Albuquerque has more than 30 performing arts centers and groups. The KiMo Theater, an ornate 1927 Pueblo Deco-style landmark downtown, is on the National Register of Historic Places; it serves as a performing arts theater, hosting a number of groups, with seating for 700. The Albuquerque Little Theatre presents comedies, mysteries, and light classics in its own playhouse near Old Town. La Compañía de Teatro de Albuquerque—one of the few major Hispanic companies in the United States and Puerto Rico—stages a series of bilingual productions including comedies, dramas, and musicals. Vortex Theatre offers off-Broadway original and classic plays.
Albuquerque is home to the New Mexico Ballet Company, founded in 1972, which performs classic dances in the KiMo Theatre and in Popejoy Hall on the University of New Mexico campus. Dance performances by visiting artists and groups can also be seen at KiMo Theatre. Popejoy Hall, the primary facility in the city for the performance of orchestral music and opera, is home to the Ovation Series—which offers a variety of events including drama and comedy, and ballet and modern dance—and the New Mexico Symphony. Based in the city and one of the southwest's most prestigious orchestras, the symphony presents classical, baroque, and pops, as well as Symphony Under the Stars and other special concerts. Musical Theatre Southwest, formerly the Civic Light Opera, performs classical and new musicals and is one of the largest producers of community theater in the country. Chamber Music Albuquerque, established in 1942, brings chamber ensembles from around the world to Albuquerque.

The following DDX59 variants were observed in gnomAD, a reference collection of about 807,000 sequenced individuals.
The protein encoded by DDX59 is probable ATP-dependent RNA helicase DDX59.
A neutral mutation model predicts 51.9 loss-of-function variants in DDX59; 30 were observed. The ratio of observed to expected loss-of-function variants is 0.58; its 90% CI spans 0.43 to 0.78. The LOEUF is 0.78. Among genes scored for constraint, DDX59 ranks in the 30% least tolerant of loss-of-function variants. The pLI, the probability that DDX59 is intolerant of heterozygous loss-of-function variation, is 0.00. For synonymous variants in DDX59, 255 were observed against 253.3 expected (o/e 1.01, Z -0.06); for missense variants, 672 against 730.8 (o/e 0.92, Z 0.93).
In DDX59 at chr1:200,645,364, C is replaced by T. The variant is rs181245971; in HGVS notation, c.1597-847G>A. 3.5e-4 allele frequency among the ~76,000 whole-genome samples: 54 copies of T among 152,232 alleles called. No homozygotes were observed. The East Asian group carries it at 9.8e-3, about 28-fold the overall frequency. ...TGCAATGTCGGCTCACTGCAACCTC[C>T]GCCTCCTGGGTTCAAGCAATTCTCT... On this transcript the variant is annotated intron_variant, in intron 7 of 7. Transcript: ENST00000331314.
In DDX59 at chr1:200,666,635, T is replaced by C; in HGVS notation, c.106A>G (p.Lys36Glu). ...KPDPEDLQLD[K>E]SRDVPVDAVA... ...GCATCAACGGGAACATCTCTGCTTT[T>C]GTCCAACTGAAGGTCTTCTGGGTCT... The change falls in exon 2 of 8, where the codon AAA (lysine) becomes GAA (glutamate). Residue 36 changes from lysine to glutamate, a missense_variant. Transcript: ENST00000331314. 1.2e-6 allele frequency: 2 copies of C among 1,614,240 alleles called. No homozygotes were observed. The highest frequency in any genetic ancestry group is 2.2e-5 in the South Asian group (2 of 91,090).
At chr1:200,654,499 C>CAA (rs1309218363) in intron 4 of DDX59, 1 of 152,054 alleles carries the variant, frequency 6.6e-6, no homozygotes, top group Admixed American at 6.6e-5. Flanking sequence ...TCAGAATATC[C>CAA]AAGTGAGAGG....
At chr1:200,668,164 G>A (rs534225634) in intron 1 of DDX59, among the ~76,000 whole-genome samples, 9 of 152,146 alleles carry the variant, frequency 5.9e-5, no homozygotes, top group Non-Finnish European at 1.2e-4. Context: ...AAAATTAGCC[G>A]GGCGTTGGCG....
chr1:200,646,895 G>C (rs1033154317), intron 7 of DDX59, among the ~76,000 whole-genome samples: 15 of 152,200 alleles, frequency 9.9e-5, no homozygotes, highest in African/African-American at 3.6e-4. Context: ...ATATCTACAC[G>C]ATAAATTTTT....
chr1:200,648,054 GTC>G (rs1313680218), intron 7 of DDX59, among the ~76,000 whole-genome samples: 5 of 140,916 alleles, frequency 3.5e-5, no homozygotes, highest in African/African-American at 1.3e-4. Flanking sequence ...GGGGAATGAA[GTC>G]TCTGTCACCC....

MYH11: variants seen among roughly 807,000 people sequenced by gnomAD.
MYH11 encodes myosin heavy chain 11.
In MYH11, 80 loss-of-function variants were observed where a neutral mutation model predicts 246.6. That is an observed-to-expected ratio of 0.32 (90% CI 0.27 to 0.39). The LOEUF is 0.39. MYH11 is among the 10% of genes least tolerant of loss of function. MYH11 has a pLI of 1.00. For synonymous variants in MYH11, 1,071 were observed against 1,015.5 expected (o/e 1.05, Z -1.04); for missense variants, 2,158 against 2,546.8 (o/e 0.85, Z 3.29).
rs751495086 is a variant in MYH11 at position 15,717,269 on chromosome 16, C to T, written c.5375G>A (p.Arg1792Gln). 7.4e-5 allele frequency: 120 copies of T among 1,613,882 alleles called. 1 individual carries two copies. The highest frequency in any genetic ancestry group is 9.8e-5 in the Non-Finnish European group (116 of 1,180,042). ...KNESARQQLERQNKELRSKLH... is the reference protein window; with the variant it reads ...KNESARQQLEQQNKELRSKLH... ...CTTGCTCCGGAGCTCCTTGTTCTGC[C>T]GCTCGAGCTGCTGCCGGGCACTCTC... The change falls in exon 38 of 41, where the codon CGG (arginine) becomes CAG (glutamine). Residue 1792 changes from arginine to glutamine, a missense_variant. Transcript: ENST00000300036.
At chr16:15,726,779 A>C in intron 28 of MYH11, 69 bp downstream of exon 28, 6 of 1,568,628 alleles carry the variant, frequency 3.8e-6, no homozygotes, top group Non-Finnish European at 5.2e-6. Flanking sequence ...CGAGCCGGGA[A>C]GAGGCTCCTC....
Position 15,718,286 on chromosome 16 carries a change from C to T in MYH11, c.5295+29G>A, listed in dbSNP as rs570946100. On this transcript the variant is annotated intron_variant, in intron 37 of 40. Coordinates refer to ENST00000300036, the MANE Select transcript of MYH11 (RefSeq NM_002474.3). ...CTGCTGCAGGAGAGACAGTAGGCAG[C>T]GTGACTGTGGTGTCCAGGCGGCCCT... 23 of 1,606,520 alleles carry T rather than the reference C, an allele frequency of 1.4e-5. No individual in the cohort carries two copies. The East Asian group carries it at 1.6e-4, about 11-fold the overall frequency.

Many of Albuquerque's museums concentrate on area history and culture. The New Mexico Museum of Natural History and Science features exhibits exploring the geological and anthropological history of New Mexico, through Paleozoic-era fossils, full-scale dinosaur models, a walk-through volcano, and a replica of an ice-age cave. The Indian Pueblo Cultural Center specializes in the authentic history and culture of the Pueblo peoples; the center includes exhibits tracing the history, artifacts, and contemporary art of New Mexico's 19 pueblos, the Pueblo House Children's Museum, a restaurant serving Native American foods, and an outdoor arena where Native American dancers perform on weekends. The National Hispanic Cultural Center, opened in 2000, explores Hispanic history and literature as well as visual, performing, media, and culinary arts. Located on the University of New Mexico campus, the Maxwell Museum of Anthropology displays ethnic, anthropological, and archaeological artifacts. Some date back 10,000 years, with especially strong collections from Southwestern cultures. The National Atomic Museum exhibits the history of atomic energy, including the Manhattan Project that produced the first atomic bomb, as well as non-military applications of nuclear energy.